If this is a personal account of something that happened with people who still exist and still have the same roles in the company, it would actually be more natural to use present tense for the description of their roles. Example: "It was crazy what happened at the meeting last week", Paul said with a shocked look on his face. "I arrived shortly after ...


2

Still happening... in the past Past tense indicates something that was present, in the past. This also implies that it is not happening any longer, or that the situation has changed, or that we simply don't know what the present status is John Doe was on the bus. John was a keen photographer. This sentence indicates that at that time John was ...


0

This is the near future, that means that there will be some old people still stuck in the old ways. Have some old grumpy character talking about how in their youth, kids knew who should wear what clothes. For balance, you might want to have some other old character correcting them.


3

I will provide quotes from The Chicago Manual of Style, 17th ed., and from The Editors Blog. The links to Chicago are behind a paywall and, unfortunately, can only be viewed if you have a subscription. While these generally hold true across most style guides (in both English in general and literature specifically), other style guides may give different ...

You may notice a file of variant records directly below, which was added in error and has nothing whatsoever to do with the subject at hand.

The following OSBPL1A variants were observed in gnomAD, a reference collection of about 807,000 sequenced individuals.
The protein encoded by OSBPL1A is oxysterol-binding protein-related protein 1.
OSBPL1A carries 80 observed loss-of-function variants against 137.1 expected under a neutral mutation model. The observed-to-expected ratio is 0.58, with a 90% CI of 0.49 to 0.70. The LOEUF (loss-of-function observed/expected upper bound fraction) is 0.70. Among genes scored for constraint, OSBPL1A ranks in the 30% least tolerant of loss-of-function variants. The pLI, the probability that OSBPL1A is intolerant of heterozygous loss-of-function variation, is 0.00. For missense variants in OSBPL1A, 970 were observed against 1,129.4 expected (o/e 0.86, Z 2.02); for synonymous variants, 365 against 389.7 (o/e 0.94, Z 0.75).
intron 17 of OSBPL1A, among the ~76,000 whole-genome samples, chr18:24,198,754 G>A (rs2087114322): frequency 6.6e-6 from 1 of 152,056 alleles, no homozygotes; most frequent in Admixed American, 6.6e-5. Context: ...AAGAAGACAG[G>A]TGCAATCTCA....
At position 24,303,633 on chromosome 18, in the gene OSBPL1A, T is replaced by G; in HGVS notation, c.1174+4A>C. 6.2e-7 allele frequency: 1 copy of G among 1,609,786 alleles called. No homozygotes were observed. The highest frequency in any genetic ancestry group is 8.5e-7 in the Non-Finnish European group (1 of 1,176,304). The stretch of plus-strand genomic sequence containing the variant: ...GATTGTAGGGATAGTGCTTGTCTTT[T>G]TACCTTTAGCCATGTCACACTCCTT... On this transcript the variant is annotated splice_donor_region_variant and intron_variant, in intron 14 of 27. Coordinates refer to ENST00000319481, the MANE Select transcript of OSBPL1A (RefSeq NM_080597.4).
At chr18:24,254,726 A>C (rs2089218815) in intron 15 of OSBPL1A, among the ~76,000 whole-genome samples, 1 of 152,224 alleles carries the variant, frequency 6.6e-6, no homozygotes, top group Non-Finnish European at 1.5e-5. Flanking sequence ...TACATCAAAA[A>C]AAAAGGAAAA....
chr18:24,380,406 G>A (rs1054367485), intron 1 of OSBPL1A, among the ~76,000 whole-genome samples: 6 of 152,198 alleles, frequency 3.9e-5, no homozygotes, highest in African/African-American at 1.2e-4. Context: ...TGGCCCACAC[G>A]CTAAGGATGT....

9

I think you have got into a "Don't mention the war!" mindset over this (ref: the John Cleese / Fawlty Towers comedies). If "rules about appropriate clothing, activities, professions, hairstyles, mannerisms, etc. simply no longer exist" in your fictional world, then they don't exist. and I guess you don't want to have a David Attenborough-like "outsider" ...


0

People have many different reasons for choosing to wear certain clothes over other clothes. There are practical reasons for choosing certain clothing such as the clothing keeping us warm or the clothes not being warm when it's summer. I might wear clothes with many pockets from Scottevest because I want to be able to carry a lot in my pockets. There are ...


3

While the answers thus far are good, and match my advice (just do it), they seem light on the mechanics. For the writing process it is important that you show and highlight unusual features of your society early in the story, specifically in the first 15% of the story. At the beginning of a story, readers will accept basically anything: Magic, immortality, ...


6

(Decided not to spam the comments section, so) Using spoken english ( sometimes called 'being colloquial') is good - it makes your story more realistic. In real life, people 'hmmm' and 'uhh' and pause for confirmation from their audience and have bad grammar. "I goed to the park," said Suzy That's okay* if you've established Suzy as someone who isn't ...


12